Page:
Mohammad Awajah is a forty-three year old Palestinian father from the West Bank city of Jericho whose ability to speak was just restored.
During his shift as an employee for the Palestinian Telecommunication Company on January 13, 2011 he opened a phone wire box where he says he inhaled a gas that caused him to lose his ability to speak. His family, including his wife and five children, thought this was just a temporary bug; but days later he was still unable to speak and their medical trials had officially begun.
Om Moussa, Muhammad’s wife said, “We visited with a professor surgeon in the West Bank who was unable to help. We tried many medications that did nothing to bring his voice back.” She continues, “The professor said he cannot help because a long time has passed since the incident.” They still visited a number of local clinics that would prove fruitless.
They even visited with a doctor in the celebrated Israeli hospital Hadassah. Nobody was able to reunite Muhammad with his voice. At that point Muhammad started to lose hope and started seeing psychologists due to his depression. He felt disconnected from his family because he could not talk to anyone and didn’t care about anything around him. His youngest son Aboud wouldn’t talk to him and kept away from him due to this sudden change.
A West Bank doctor advised them to create a dramatic scene that would be shock Muhammad enough to bring his voice back. Om Moussa played along and put on a good show where she pretended that she only had a few days to live due to some serious illness. Muhammad offered to pay all his money to save her, but still had no voice.
Months later, Om Moussa watched a talk show where a Gaza-based Palestinian Ear, Nose, and Throat specialist was talking about a case where he was able to restore an elderly woman’s ability to speak who had lost that ability more than 15 years ago. Dr. Ahmad Jadaba’s success story was well publicized in the Palestinian media.
Desperate for help, Om Moussa called the doctor and consulted with him on her husband’s case. Due to an outdated phone directory she had to make 18 wrong calls before she could reach him. Later they met via video conference even though they were only a short drive apart. Dr. Jadaba promised Muhammad and his wife that he would do his best to restore his speaking ability.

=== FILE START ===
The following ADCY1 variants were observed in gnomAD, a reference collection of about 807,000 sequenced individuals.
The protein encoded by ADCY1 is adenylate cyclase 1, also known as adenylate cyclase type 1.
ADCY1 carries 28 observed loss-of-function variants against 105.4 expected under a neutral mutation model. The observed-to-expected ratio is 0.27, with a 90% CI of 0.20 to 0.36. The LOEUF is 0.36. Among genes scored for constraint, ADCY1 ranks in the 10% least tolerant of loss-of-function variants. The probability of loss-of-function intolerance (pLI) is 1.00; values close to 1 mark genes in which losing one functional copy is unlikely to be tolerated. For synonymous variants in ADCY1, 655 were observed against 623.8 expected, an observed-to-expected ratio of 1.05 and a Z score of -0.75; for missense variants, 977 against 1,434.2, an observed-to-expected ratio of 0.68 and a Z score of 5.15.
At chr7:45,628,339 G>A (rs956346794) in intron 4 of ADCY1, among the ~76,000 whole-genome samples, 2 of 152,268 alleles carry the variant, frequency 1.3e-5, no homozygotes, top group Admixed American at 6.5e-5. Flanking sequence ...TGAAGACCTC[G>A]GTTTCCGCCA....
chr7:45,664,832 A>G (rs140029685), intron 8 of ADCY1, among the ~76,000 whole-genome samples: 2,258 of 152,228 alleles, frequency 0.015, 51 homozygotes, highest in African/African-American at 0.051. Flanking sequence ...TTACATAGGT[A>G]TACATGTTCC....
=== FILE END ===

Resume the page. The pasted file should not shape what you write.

Now, the political reality and uniqueness of the situation hits: Dr. Jadaba lives in besieged Gaza, and the Awajahs live in the West Bank. Traditionally the better doctors and facilities are in the West Bank and Israel. So most ill Gazans travel there, not the other way around. No one has ever come Gaza for health care.
Confused by the unusual request, the Israeli authorities denied them a permit to go into Gaza for medical attention. They stressed that if physicians in Israel couldn’t fix it, no one else can. Thus Israel denied all of their seven attempts to get a permit to enter Gaza. Om Moussa wouldn’t quit, working with the local health authorities in both Gaza and Ramallah. In the end, they traveled to Jordan and from Jordan they flew to Egypt and from Egypt, and special coordination that required miracles, they arrived in Gaza.
At the Rafah border, Dr. Jadaba brought his family and received Muhammad and his wife, offering to host them at his house. Arriving in Gaza on July 5th, Dr. Jadaba started his treatment on Mr. Awajah. At first it started with the assessment and the following day, the help of the hospital’s only Endoscope. Four days later, Awajah got most of his voice back to where he can make out most of the letters. Dr. Jadaba put aside a conference he was supposed to attend in Turkey to attend to Mohammed and his family.
Three days later, here’s Muhammad in a video of him saying his first words since the accident–a chapter from the Koran.
Perhaps the most touching moment came when Mohammed called his son Abboud to tell him that he now has his voice back and they can play together. The seven year old teared up and said, “I Love you Dad!”
Dr. Jadaba has called on Palestinian businesses to provide medical equipment to the main Gaza hospitals and he has gladly pledged to accept any case where his skills are needed. “The only Endoscopy are available in private clinics and not in the public hospitals where they are needed the most.” He added, “the device I used on Mohammad has been decommissioned a long time ago.”
This is a celebration of a strong Palestinian women and a Palestinian professional who despite all odds never stopped exploring. Another hero is the business where Mohammed used to work. They covered all of his medical costs and showed a good business practice. I would add the role of the media in publicizing this story to the public and telling the world about the unbreakable will of the people of Palestine.